9. The Monaghan Jig / Francis Aucoin : Jigs
The Monaghan Jig I first heard played by Mary Bergin. The first part of the tune is the same as Scatter The Mud except in a different key. Francis Aucoin was composed by Cape Breton fiddler Howie McDonald and given to me by Kieran O’Hare, an uilleann piper from Kansas City. My son Conor joins me on both these tunes.

10. The Garden Of The Daisies : Set Dance
The Garden Of The Daisies is related to a song called Sliabh Geal gCua from Waterford, composed in Wales by Pádraig Ó Mileadha (1877-1947)

11. Never Was Piping So Gay / An Gliomach / Gilbert Clancy’s : Reels
Never Was Piping So Gay was composed by Ed Reavy, the Cavan born fiddle player who lived most of his life in Philadelphia. The title comes from a W. B. Yeats poem called The Host Of The Air. The second tune, An Gliomach (The Lobster) was collected by Breandán Breathnach from John Fennell of Miltown Malbay who gave it its title. The third reel is Gilbert Clancy’s, who was the father of Willie Clancy. This is a great favourite of pipers in general and I learned it from Breandán Breathnach’s Ceol Rince na hÉireann Volume 1.

12. The Plains Of Boyle / The Independent : Hornpipes
The celebrated Roscommon born piper Andy Conroy is the source of The Plains Of Boyle. Andy introduced me to the playing of Michael Gallagher who hailed from County Leitrim but lived in the USA where Andy had met him. Gallagher, as evidenced by his few surviving recordings, was an exceptional piper. Included among the recordings is The Plains Of Boyle. However, the version I play is considerably less ornamented than Andy Conroy’s. The second hornpipe was sourced from Leo Rowsome and is included in The Feis Ceol Collection Of Irish Airs, Volume 1 (Dublin 1914) which was most likely Rowsome’s source.

13. The Gallowglass / An Buachaill Dreoite : Jigs
Leo Rowsome and Willie Clancy respectively are the sources of these tunes. There is a fling version of An Buachaill Dreoite to be found in Pat Mitchell’s The Dance Music of Willie Clancy (No. 135)

14. Slán Le Máigh : Slow Air
Composed by Aindrias Mac Craith, one of the famous poets who lived along the Maigue River in the Bruff / Croom area of Co. Limerick. The song was composed in 1738 when Mac Craith was compelled to leave the parish of Croom by the then Parish Priest.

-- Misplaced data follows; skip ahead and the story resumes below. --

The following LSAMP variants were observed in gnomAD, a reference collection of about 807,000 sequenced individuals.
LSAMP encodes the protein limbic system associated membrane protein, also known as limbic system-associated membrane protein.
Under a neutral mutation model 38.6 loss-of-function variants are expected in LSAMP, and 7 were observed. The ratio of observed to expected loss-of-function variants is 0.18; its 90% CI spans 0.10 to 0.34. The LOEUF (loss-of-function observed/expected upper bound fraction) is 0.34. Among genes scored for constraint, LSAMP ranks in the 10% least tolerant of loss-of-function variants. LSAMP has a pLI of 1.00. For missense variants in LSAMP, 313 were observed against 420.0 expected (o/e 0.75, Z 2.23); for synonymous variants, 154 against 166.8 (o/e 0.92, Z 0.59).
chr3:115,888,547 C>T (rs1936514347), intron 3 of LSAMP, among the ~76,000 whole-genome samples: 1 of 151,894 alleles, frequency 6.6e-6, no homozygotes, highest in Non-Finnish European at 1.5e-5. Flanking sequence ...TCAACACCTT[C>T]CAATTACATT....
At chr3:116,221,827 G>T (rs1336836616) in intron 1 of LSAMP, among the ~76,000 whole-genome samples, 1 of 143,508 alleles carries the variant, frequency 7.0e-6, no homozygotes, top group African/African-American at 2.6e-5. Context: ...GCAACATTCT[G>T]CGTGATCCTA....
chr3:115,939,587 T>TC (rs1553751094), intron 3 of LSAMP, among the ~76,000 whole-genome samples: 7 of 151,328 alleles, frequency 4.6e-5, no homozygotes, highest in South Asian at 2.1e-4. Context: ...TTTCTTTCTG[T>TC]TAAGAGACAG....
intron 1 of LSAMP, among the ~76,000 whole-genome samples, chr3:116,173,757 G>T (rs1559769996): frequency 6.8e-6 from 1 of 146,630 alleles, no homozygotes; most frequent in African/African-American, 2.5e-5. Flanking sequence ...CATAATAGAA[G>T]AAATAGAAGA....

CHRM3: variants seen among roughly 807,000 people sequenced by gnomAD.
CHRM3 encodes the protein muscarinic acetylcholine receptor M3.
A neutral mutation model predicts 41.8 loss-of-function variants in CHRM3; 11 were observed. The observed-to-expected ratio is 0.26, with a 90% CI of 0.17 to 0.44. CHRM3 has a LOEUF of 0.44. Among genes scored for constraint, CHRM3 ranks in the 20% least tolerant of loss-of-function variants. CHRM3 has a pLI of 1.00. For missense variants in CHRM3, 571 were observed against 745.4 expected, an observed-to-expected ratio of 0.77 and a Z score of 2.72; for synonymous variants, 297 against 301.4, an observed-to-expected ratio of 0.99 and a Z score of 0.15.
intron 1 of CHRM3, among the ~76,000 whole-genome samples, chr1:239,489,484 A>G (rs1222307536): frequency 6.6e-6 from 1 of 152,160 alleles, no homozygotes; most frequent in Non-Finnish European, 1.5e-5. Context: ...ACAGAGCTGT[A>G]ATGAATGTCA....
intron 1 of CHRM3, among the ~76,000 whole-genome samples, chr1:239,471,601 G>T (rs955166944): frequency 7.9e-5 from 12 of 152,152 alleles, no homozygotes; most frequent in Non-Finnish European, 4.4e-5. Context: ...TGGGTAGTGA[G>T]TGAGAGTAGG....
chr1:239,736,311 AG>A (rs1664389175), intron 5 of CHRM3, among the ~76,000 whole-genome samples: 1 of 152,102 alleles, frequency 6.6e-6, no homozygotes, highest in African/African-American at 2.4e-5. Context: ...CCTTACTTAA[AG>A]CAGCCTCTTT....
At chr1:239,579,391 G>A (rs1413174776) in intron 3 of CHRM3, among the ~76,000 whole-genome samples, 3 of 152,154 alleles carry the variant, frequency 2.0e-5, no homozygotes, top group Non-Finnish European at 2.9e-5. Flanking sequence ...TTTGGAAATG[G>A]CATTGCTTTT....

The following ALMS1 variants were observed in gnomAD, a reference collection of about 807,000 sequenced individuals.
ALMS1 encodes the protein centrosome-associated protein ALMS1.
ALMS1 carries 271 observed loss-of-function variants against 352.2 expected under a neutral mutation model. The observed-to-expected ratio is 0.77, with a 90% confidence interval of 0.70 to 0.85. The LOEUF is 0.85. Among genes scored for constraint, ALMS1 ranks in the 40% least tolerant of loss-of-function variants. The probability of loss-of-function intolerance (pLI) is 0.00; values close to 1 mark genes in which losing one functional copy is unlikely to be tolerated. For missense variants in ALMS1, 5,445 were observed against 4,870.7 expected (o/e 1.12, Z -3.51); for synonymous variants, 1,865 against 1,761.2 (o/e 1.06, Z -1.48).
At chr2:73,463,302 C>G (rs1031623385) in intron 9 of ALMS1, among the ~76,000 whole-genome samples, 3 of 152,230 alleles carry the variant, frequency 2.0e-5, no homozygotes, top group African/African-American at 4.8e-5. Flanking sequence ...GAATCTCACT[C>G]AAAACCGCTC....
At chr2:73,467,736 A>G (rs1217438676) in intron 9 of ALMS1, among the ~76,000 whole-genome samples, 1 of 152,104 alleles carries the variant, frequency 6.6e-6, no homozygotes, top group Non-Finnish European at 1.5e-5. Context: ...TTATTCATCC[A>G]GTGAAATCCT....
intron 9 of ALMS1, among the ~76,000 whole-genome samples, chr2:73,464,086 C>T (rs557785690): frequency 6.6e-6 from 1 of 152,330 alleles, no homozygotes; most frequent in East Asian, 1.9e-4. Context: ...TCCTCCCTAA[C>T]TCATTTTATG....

15. The Maid In The Cherry Tree / Colonel Frazer : Reels
The Maid In The Cherry Tree which is better known as The Curragh Races was learned from Dublin flute player Mick O’Connor, who played with the Castle Céilí Band and was a great source of encouragement to the younger musicians in the Pipers’ Club in the 1970s. Colonel Frazer is included in the Goodman Collection as Frazer’s Frolics. There are two source tunes in Scotland, a strathspey from Aberdeen, Colonel Frazer Of Kinlochie and additional parts in Miss Corbett’s in the Aird collection, circa 1800 (also in Waifs And Strays by Captain O’Neill)



Guest Musicians :

Mary Corcoran - Keyboards
Paul O’Shaughnessy - Fiddle
Tom McDonagh - Bouzouki
Paul Doyle - Guitar
Conor and Seán McKeon - Pipes


O’Driscoll scattered the cards
And out of his dream awoke:
Old men and young men and young girls
Were gone like a drifting smoke;

But he heard high up in the air
A piper piping away,
And never was piping so sad,
And never was piping so gay.

extract from The Host Of The Air - W. B. Yeats


The pipes played on this recording are as follows:

Gay McKeon concert set by Bruce Du Vé (1980). Chanter by Cillian Ó Briain (1993).
Flat set pitched in C made by Coyne (circa 1840). Chanter by Matt Kiernan (1972).
Conor McKeon half set by Cillian Ó Briain (1994).
Seán McKeon practice set by Willie Rowsome (circa 1918). Chanter by Cillian Ó Briain (1992).

All tracks traditional arranged by Gay McKeon, except tracks 5, 8, 10, traditional arranged by Gay McKeon and Paul O'Shaughnessy.
Tracks 1,2,5,6,7,9,11,12, bouzouki accompaniment Tom McDonagh and guitar accompaniment Paul Doyle. Track 14 keyboard accompaniment Mary Corcoran. Accompaniment arrangement: McDonagh/Doyle, except track 14 Corcoran/Doyle.

The Piper's Apron composed by Tommy Keane.
Francis Aucoin composed by Howie McDonald (SOCAN).
Never Was Piping So Gay composed by Ed Reavey.
*Extract from The Host Of The Air by W. B. Yeats reproduced by kind permission of A. P. Watt Ltd., on behalf of Michael and Anne Yeats.

Recorded at Pine Valley Studios, Rathfarnham, Co. Dublin, March 1997.
Engineered by Joe Ó Dubhghaill.
Produced by Gay McKeon and Mary Corcoran.
Sleeve Design by Paula Murphy.
Photography by Colm Keating.